HC Deb 05 March 1891 vol 351 cc247-8
MR. KEAY (Elgin and Nairn)

I beg-to ask the Under Secretary of State for India whether his attention has been called to the great excitement and apprehension which has been caused in India by the introduction into the Governor General's Council, by Sir Andrew Scoble, of a Bill fixing the ago of consent, in the case of married girls, at 12 years; whether he is aware that puberty very frequently takes place in Indian females before the age of 12 years, while there is no system of registration of births, and consequently no certitude as to the real age of the great majority of the population; whether he is aware that strong resolutions have been passed at mass meetings throughout the Indian Empire protesting against the Bill on the grounds that the European officials responsible for it are ignorant of the injurious effects which it will produce in the social and domestic life of the people, that it will lead to the ruin of innocent families by the fabrication of false charges and put a premium on oppression and extortion by subordinate officials, and declaring that it is a direct interference with native religion and usage, and a clear infringement of the Queen's Proclamation of 1858; whether it is the case, as stated in the Indian Press, that this Bill has been brought in at the request of Her Majesty's Government, in consequence of a single case of brutality by a bridegroom having occurred during the last 30 years; and whether the Government of India will now be advised to withdraw a measure which is viewed with the gravest apprehensions by large masses of the Indian people?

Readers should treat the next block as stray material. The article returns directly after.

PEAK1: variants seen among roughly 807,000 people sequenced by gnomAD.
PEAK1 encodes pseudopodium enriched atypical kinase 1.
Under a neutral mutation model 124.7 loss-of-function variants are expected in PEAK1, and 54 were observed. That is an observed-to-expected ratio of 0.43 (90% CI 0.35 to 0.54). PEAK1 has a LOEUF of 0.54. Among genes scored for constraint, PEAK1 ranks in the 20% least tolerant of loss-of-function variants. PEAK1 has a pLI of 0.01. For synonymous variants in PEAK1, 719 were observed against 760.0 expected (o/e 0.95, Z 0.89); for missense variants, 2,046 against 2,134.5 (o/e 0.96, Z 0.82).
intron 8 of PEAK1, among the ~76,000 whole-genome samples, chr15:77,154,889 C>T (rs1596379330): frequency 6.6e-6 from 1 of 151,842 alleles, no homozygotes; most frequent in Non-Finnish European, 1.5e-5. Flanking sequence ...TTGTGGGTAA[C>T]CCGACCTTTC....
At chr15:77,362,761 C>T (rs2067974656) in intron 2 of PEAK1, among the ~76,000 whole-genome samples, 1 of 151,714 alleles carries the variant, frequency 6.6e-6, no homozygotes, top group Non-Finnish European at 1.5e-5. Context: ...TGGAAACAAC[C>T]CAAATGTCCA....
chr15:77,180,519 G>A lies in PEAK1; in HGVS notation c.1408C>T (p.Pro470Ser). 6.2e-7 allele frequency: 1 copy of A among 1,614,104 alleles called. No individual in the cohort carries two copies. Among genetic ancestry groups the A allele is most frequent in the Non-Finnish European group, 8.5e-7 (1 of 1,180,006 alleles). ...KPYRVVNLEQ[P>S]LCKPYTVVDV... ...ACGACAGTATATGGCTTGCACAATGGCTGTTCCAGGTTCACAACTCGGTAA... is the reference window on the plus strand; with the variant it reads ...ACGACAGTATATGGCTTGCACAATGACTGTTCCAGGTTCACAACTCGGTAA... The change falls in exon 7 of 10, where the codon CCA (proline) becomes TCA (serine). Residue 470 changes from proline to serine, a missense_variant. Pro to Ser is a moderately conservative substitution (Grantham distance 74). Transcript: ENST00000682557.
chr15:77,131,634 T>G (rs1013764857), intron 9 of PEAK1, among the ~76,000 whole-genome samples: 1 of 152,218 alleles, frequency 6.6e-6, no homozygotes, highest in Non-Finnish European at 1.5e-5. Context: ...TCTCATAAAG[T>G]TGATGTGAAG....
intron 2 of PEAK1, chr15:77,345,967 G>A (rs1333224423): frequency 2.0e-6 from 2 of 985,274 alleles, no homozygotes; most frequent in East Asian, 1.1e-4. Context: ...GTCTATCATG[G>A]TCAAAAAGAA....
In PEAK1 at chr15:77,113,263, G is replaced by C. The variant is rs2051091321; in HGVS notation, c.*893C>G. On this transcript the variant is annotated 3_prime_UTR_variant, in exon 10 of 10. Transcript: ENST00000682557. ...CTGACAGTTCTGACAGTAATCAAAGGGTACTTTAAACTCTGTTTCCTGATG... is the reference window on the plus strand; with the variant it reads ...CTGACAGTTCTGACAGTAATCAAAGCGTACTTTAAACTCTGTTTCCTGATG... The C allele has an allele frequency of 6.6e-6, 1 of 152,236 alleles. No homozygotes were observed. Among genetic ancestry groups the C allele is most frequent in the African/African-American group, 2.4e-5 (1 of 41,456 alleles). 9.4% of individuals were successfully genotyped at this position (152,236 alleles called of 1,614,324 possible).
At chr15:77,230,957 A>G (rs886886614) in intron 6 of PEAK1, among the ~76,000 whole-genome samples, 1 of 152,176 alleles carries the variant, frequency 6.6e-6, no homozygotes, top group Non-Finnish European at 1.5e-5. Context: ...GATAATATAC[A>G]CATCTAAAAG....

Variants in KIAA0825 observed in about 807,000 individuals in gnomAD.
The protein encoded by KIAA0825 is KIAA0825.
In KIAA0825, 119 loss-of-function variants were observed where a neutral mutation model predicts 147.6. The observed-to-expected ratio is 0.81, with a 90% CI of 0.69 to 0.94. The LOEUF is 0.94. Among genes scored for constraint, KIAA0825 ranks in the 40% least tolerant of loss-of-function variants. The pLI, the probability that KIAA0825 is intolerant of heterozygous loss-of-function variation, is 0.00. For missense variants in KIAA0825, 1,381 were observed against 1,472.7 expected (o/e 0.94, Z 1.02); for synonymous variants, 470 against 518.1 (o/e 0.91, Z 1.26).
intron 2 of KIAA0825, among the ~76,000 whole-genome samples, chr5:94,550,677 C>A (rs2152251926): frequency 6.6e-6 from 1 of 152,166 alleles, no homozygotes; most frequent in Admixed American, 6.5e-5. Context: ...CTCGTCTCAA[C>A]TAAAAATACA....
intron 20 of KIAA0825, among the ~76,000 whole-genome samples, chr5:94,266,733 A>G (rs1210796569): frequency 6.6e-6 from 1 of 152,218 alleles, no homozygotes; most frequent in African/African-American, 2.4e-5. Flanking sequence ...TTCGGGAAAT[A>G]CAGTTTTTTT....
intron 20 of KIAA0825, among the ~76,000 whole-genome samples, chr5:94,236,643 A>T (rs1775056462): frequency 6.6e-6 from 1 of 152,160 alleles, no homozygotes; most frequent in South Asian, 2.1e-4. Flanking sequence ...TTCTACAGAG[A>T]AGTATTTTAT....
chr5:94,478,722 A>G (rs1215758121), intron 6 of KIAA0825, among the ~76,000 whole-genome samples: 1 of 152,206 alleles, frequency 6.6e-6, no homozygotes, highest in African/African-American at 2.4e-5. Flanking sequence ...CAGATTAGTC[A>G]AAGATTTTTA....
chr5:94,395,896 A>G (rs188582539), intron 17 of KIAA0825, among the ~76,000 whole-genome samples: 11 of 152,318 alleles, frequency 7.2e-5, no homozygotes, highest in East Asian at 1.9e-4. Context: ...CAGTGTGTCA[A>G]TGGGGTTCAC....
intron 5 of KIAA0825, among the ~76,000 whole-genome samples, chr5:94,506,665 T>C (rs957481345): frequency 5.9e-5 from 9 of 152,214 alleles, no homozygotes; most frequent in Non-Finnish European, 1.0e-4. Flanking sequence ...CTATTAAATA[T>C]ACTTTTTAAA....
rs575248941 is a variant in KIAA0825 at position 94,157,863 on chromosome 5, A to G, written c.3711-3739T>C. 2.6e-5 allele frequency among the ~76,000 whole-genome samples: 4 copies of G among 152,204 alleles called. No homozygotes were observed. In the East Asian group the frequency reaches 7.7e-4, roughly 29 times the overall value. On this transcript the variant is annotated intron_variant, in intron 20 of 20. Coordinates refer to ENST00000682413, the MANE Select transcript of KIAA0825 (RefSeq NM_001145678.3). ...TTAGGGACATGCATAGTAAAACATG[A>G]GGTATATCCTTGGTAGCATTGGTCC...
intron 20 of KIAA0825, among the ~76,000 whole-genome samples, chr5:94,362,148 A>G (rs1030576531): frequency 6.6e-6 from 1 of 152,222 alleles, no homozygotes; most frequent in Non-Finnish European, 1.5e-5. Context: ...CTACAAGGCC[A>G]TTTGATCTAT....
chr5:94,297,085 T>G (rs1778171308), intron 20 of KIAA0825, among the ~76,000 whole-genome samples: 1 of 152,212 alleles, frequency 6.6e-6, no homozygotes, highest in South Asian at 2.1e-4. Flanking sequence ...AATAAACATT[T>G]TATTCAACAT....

MR. PICTON (Leicester)

Before the question is answered I should like to ask the right hon. Gentleman if he is aware or if he has seen a memorandum addressed to the Governor General by 55 lady physicians in reference to a largo number of cases which have come within their own experience, in which they declare in the strongest terms against these marriages?


I wish to supplement the questions which have just been asked by another, namely, whether the right hon. Gentleman is aware that the most intelligent class of Hindoos, and nearly all the Mahommedans, are in favour of raising the age to 12 years?


I have been requested by my right hon. Friend the Under Secretary of State for India to reply to this question. The Bill in question was introduced by the Government of India, with a full knowledge of the facts of the case and after very careful consideration. There is no intention of withdrawing it. In regard to the questions of the hon. Member for Leicester (Mr. Picton) and the hon. Member for Flintshire (Mr. S. Smith), I am not in a position to answer them, and if further information is required notice had better be given.


Will the right hon. Gentleman kindly answer the 3rd and 4th paragraphs of the question.


I think the answer I have given covers the whole of the question. It is impossible to enter into details.